Also, the existing proviso to section 147 requiring the mandatory condition of failure on the part of the assessee to disclose fully and truly all material facts necessary for the purpose of assessments for reopening the already concluded assessments beyond a period of 4 years and uptill 6 years, has found no place in the newly proposed section 147 and 148.

Further, w.e.f. 1.4.2021 the existing legislative provisions contained in section 153A and 153C relating to assessments pursuant to search and seizure, are proposed to be made inoperative and such search related assessments are proposed to be subsumed in income escaping assessments.

A deeming fiction has been proposed in the Finance Bill 2021 to provide that in search u/s 132, survey u/s 133A and requisition u/s 132A cases, initiated on or after 1.4.2021, the assessing officer shall be deemed to have information which suggests that the income chargeable to tax has escaped assessment in the case of the assessee for the three assessment years immediately preceding the assessment year relevant to the previous year in which the search is initiated or books of account, other documents or any assets are requisitioned or survey is conducted in the case of the assessee or money, bullion, jewellery or other valuable article or thing or books of account or documents are seized or requisitioned in case of any other person.

The position of law as existing currently is loud and clear that additions/disallowances under s.153A of the Act towards unabated assessments are permissible only where incriminating materials are found in search showing unaccounted income. The scope of assessment under s.153A of the Act is limited to the incriminating evidence found during the search and no further in so far as unabated assessments are concerned. Unless there is incriminating material qua each assessment years to which additions are sought to be made in respect of concluded assessments, the assessment under s.153A of the Act by making additions/disallowances would be vitiated in law.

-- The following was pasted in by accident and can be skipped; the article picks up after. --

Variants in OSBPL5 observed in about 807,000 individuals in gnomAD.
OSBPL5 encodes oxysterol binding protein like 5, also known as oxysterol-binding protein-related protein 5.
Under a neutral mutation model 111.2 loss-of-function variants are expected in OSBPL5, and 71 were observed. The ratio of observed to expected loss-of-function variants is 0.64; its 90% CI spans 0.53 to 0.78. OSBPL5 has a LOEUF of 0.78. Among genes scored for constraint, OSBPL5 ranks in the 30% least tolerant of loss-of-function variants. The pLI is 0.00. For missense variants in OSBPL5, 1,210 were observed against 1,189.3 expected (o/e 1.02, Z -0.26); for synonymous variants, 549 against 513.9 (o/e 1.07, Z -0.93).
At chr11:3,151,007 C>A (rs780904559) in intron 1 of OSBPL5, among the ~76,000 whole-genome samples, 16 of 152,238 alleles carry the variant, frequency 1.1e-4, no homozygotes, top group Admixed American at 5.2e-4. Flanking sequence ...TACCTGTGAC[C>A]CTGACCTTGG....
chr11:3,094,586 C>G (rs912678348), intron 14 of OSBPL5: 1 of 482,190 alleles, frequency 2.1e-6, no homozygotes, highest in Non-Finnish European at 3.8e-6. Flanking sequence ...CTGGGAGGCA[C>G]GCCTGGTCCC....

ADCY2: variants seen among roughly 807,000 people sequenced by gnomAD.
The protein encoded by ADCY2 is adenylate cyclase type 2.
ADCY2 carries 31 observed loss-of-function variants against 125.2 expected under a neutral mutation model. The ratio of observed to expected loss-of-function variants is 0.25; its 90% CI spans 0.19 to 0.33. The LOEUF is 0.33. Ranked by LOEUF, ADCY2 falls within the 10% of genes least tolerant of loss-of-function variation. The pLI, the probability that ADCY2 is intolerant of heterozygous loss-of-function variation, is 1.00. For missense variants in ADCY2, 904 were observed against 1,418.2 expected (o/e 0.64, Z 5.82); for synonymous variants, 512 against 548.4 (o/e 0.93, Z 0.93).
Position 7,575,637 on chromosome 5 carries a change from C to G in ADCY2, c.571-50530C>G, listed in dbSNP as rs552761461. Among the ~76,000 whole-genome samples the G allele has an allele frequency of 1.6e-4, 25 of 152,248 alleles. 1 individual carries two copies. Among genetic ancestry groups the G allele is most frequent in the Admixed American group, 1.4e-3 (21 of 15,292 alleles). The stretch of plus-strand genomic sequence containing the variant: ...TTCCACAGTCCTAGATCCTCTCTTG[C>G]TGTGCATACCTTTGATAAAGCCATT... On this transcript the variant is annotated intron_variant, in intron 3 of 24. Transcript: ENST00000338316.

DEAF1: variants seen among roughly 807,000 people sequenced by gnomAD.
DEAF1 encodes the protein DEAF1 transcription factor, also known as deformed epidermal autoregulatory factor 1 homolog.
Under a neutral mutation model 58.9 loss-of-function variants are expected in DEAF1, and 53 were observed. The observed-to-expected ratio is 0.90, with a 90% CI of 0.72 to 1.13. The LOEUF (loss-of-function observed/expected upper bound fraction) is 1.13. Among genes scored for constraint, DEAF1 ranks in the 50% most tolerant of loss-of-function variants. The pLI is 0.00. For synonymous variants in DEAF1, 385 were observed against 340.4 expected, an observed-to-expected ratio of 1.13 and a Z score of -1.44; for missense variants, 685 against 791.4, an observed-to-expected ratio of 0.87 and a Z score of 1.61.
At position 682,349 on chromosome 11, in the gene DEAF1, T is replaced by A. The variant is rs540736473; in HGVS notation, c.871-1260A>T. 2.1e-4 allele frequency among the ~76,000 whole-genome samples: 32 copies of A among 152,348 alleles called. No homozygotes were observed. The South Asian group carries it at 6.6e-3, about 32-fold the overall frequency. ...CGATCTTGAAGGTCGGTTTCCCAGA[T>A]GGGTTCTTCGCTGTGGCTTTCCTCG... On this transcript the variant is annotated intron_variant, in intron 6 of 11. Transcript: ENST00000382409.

However, in the newly proposed section 148 (as reproduced supra), the Legislature it seems has deliberately done away with the terminology of abated and unabated assessments. So, in the coming time to come, the learned revenue authorities may take a plea that in the absence of any concept of abated or unabated assessments, and especially in view of the express deeming fiction of blanket presumption of possession of information by the assessing authorities suggesting that income of the assessee has escaped assessment is all cases of search u/s 132, survey u/s 133A or requisitions u/s 132A, the presence of incriminating material is no more a mandatory requirement.

However, it needs to be appreciated that such survey, search or requisition measures are extreme measures of tax administration and as such if resort to such extreme measures is being taken by the revenue authorities then it can atleast be expected of them to unearth something incriminating during the course of such survey, search or requisition so as to justify the making of their additions/disallowances in the consequential assessments pursuant to search, otherwise what difference will it remain between the regular and routine assessments and the search related assessments.